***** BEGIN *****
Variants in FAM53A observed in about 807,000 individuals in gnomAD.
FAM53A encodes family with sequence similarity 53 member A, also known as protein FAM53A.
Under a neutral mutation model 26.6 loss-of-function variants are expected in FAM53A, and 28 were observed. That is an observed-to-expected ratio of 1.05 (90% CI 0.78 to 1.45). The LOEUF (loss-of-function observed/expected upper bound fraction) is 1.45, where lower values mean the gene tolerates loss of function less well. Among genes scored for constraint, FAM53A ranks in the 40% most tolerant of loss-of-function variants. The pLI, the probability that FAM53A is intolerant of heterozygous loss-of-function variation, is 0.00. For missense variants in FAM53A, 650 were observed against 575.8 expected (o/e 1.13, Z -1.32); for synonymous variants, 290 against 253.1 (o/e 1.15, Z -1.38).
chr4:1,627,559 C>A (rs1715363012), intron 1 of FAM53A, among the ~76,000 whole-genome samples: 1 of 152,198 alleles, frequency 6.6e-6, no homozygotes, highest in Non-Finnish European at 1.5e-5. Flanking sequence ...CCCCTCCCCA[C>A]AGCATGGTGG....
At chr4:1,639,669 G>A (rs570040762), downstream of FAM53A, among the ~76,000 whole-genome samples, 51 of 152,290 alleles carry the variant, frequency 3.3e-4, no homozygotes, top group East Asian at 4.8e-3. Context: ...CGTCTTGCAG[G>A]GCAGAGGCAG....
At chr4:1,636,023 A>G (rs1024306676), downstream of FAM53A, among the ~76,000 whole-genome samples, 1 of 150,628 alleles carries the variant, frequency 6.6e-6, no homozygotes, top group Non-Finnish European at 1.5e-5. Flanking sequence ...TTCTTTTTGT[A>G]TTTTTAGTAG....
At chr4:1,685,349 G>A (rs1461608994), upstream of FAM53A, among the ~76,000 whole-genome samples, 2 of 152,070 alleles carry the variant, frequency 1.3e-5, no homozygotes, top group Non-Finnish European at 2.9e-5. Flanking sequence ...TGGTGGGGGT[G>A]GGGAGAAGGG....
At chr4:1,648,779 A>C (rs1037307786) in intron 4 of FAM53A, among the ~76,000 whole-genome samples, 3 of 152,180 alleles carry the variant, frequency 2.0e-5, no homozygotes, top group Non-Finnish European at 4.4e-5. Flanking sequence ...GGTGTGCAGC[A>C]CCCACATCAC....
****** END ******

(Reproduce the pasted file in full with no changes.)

Variants in FAM53A observed in about 807,000 individuals in gnomAD.
FAM53A encodes family with sequence similarity 53 member A, also known as protein FAM53A.
Under a neutral mutation model 26.6 loss-of-function variants are expected in FAM53A, and 28 were observed. That is an observed-to-expected ratio of 1.05 (90% CI 0.78 to 1.45). The LOEUF (loss-of-function observed/expected upper bound fraction) is 1.45, where lower values mean the gene tolerates loss of function less well. Among genes scored for constraint, FAM53A ranks in the 40% most tolerant of loss-of-function variants. The pLI, the probability that FAM53A is intolerant of heterozygous loss-of-function variation, is 0.00. For missense variants in FAM53A, 650 were observed against 575.8 expected (o/e 1.13, Z -1.32); for synonymous variants, 290 against 253.1 (o/e 1.15, Z -1.38).
chr4:1,627,559 C>A (rs1715363012), intron 1 of FAM53A, among the ~76,000 whole-genome samples: 1 of 152,198 alleles, frequency 6.6e-6, no homozygotes, highest in Non-Finnish European at 1.5e-5. Flanking sequence ...CCCCTCCCCA[C>A]AGCATGGTGG....
At chr4:1,639,669 G>A (rs570040762), downstream of FAM53A, among the ~76,000 whole-genome samples, 51 of 152,290 alleles carry the variant, frequency 3.3e-4, no homozygotes, top group East Asian at 4.8e-3. Context: ...CGTCTTGCAG[G>A]GCAGAGGCAG....
At chr4:1,636,023 A>G (rs1024306676), downstream of FAM53A, among the ~76,000 whole-genome samples, 1 of 150,628 alleles carries the variant, frequency 6.6e-6, no homozygotes, top group Non-Finnish European at 1.5e-5. Flanking sequence ...TTCTTTTTGT[A>G]TTTTTAGTAG....
At chr4:1,685,349 G>A (rs1461608994), upstream of FAM53A, among the ~76,000 whole-genome samples, 2 of 152,070 alleles carry the variant, frequency 1.3e-5, no homozygotes, top group Non-Finnish European at 2.9e-5. Flanking sequence ...TGGTGGGGGT[G>A]GGGAGAAGGG....
At chr4:1,648,779 A>C (rs1037307786) in intron 4 of FAM53A, among the ~76,000 whole-genome samples, 3 of 152,180 alleles carry the variant, frequency 2.0e-5, no homozygotes, top group Non-Finnish European at 4.4e-5. Flanking sequence ...GGTGTGCAGC[A>C]CCCACATCAC....